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supervision and with the participation of the Company’s management, including its Chief Executive Officer and Chief Financial Officer, management evaluated the effectiveness of the Company’s disclosure controls and procedures as of March 31, 2018. Based on that evaluation, the Company’s Chief Executive Officer and its Chief Financial Officer concluded that, as a result of not having completed the remediation of the material weakness in internal control over financial reporting identified and described in Item 9A of our Annual Report on Form 10-K for the year ended December 31, 2017, our disclosure controls and procedures were not effective as of March 31, 2018.
Remediation Plans
Management is actively remediating the identified material weakness, and has identified the following remediation steps:

Enhance risk assessment processes and monitoring activities to ensure the Company designs, implements, and operates effective controls that are responsive to identified risks.

Implementation of controls to validate key inputs and calculations used in spreadsheets used to determine financial statement amounts and disclosures.

Implementation of controls to identify and clear unmatched transactions in suspense accounts.

Implementation of monitoring controls to be operated by a centralized resource to ensure periodic counts of inventory and fixed assets are completed and differences are timely processed by our accounting systems.

Enhance controls surrounding the timely and accurate recognition of fixed asset disposals and abandonments.

Changes in Internal Control Over Financial Reporting
Aside from actions taken as described above in “Remediation Plans”, there have been no changes in our internal control over financial reporting that occurred during the three months ended March 31, 2018 that have materially affected, or are reasonably likely to materially affect, our internal control over financial reporting.
PART II
OTHER INFORMATION
Item 1.
Legal Proceedings
 
For a summary of legal proceedings please refer to Note 8 within the financial statements section of this document.
Item 1A.
Risk Factors
The risk factors disclosed in “Item 1A. Risk Factors” included in our Annual Report on Form 10-K for the year ended December 31, 2017 are hereby incorporated by reference.
Item 5.
Other Information
None.

29

Table of Contents

Item 6.
Exhibits
(a) Exhibits.
Exhibit Number 
Description
2.1+
2.2
2.3
2.4
3.1
3.2
3.3

3.4
3.5
3.6
3.7
3.8
31.1
31.2
32.1
32.2
101
+
Certain schedules attached to the Home Solutions Agreement have been omitted pursuant to Item 601(b)(2) of Regulation S-K. The Company will furnish the omitted schedules to the Securities and Exchange Commission upon request by the Commission.

SIGNATURES

Pursuant to the requirements of the Securities Exchange Act of 1934, the registrant has duly caused this report to be signed on its behalf by the undersigned, thereunto duly authorized, on May 10, 2018.



30

Table of Contents

                                                          BIOSCRIP INC.
 
                                                         /s/ Alex Schott
Alex Schott
Senior Vice President, Strategic Operations (Acting Principal Accounting Officer)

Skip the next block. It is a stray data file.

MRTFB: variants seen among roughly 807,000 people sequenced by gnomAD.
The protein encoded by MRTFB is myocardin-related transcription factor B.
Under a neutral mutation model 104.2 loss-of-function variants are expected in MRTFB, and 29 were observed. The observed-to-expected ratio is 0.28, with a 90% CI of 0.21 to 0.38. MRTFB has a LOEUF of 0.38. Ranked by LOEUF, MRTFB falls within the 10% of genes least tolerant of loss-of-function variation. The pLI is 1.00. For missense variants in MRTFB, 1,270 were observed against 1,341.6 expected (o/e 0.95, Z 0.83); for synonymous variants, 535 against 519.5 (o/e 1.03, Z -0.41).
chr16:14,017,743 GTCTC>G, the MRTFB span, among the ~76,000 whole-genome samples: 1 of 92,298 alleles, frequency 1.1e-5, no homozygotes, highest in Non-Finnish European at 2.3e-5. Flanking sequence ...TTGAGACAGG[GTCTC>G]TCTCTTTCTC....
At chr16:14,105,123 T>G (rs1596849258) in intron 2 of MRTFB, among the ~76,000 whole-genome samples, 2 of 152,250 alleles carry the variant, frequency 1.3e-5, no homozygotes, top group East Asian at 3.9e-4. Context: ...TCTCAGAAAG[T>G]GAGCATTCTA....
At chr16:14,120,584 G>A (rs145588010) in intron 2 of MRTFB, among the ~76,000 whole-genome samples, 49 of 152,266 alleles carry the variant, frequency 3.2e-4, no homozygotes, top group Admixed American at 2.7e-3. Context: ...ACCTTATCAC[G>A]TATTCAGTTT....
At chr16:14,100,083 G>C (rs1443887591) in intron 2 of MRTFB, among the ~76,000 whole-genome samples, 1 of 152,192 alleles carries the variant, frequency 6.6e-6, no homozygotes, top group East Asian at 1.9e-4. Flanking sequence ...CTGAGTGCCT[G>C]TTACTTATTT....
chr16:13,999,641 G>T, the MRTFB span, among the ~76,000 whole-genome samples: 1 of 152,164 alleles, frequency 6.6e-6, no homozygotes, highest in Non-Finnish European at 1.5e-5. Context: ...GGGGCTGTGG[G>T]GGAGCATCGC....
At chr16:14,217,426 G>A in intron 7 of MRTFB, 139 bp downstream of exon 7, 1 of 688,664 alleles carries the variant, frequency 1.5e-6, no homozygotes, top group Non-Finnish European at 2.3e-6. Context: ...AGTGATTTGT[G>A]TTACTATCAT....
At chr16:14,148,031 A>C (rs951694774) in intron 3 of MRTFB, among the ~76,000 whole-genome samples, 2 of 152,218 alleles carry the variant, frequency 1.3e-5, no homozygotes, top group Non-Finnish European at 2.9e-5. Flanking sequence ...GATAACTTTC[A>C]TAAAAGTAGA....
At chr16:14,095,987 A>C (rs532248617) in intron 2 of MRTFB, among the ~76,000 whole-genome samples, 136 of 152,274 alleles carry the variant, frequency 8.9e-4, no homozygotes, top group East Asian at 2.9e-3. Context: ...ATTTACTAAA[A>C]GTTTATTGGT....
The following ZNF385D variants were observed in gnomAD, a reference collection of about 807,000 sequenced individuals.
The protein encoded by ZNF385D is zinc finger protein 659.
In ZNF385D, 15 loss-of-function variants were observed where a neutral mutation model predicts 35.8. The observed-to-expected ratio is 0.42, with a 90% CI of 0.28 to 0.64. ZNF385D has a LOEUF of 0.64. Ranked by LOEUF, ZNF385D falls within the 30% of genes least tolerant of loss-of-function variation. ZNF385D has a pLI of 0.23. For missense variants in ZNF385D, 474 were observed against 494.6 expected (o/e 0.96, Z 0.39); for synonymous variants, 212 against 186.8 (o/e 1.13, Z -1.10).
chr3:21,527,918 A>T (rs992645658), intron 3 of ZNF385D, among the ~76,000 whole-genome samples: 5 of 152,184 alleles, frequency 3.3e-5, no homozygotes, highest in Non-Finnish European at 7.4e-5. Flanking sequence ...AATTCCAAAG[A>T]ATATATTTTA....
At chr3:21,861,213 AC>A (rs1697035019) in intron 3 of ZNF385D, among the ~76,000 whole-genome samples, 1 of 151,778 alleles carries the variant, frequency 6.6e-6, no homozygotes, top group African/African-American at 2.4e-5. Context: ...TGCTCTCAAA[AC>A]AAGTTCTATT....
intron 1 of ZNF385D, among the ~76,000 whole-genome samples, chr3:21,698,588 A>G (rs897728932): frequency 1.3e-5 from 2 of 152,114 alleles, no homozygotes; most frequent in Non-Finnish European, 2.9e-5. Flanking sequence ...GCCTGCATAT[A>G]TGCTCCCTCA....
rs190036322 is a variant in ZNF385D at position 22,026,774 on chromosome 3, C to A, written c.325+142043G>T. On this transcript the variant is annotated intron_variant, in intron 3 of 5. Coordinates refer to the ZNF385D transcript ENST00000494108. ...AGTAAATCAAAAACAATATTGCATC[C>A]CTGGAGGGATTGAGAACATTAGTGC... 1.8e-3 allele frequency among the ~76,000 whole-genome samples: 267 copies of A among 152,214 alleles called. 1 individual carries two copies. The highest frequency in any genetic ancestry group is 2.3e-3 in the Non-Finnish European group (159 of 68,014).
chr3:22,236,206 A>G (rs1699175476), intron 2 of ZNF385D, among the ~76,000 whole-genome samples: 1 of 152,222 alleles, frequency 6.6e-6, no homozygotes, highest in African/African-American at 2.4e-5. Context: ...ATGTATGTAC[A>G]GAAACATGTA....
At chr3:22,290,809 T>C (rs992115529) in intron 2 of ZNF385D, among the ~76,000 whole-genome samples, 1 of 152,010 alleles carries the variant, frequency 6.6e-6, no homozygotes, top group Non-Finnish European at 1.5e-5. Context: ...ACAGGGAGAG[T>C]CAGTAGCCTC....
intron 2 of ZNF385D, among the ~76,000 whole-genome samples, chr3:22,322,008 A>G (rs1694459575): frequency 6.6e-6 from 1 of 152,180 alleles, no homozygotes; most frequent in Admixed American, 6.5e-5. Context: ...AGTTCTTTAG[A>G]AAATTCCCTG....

31
Exhibit


EXHIBIT 31.1 

CERTIFICATION PURSUANT TO SECTION 302 OF THE SARBANES-OXLEY ACT OF 2002
I, Daniel E. Greenleaf, certify that:
1.     I have reviewed this Quarterly Report on Form 10-Q of BioScrip, Inc.;
2.
Based on my knowledge, this report does not contain any untrue statement of a material fact or omit to state a material fact necessary to make the statements made, in light of the circumstances under which such statements were made, not misleading with respect to the period covered by this report;
3.
Based on my knowledge, the financial statements, and other financial information included in this report, fairly present in all material respects the financial condition, results of operations and cash flows of the registrant as of, and for, the periods presented in this report;
4.
The registrant's other certifying officer(s) and I are responsible for establishing and maintaining disclosure controls and procedures (as defined in Exchange Act Rules 13a-15(e) and 15d-15(e)) and internal control over financial reporting (as defined in Exchange Act Rules 13a-15(f) and 15d-15(f))for the registrant and have:
(a) 
Designed such disclosure controls and procedures, or caused such disclosure controls and procedures to be designed under our supervision, to ensure that material information relating to the registrant, including its consolidated subsidiaries, is made known to us by others within those entities, particularly during the period in which this report is being prepared;
(b) 
Designed such internal control over financial reporting, or caused such internal control over financial reporting to be designed under our supervision, to provide reasonable assurance regarding the reliability of financial reporting and the preparation of financial statements for external purposes in accordance with generally accepted accounting principles;
(c) 
Evaluated the effectiveness of the registrant's disclosure controls and procedures and presented in this report our conclusions about the effectiveness of the controls and procedures, as of the end of the period covered by this report based on such evaluation; and
(d)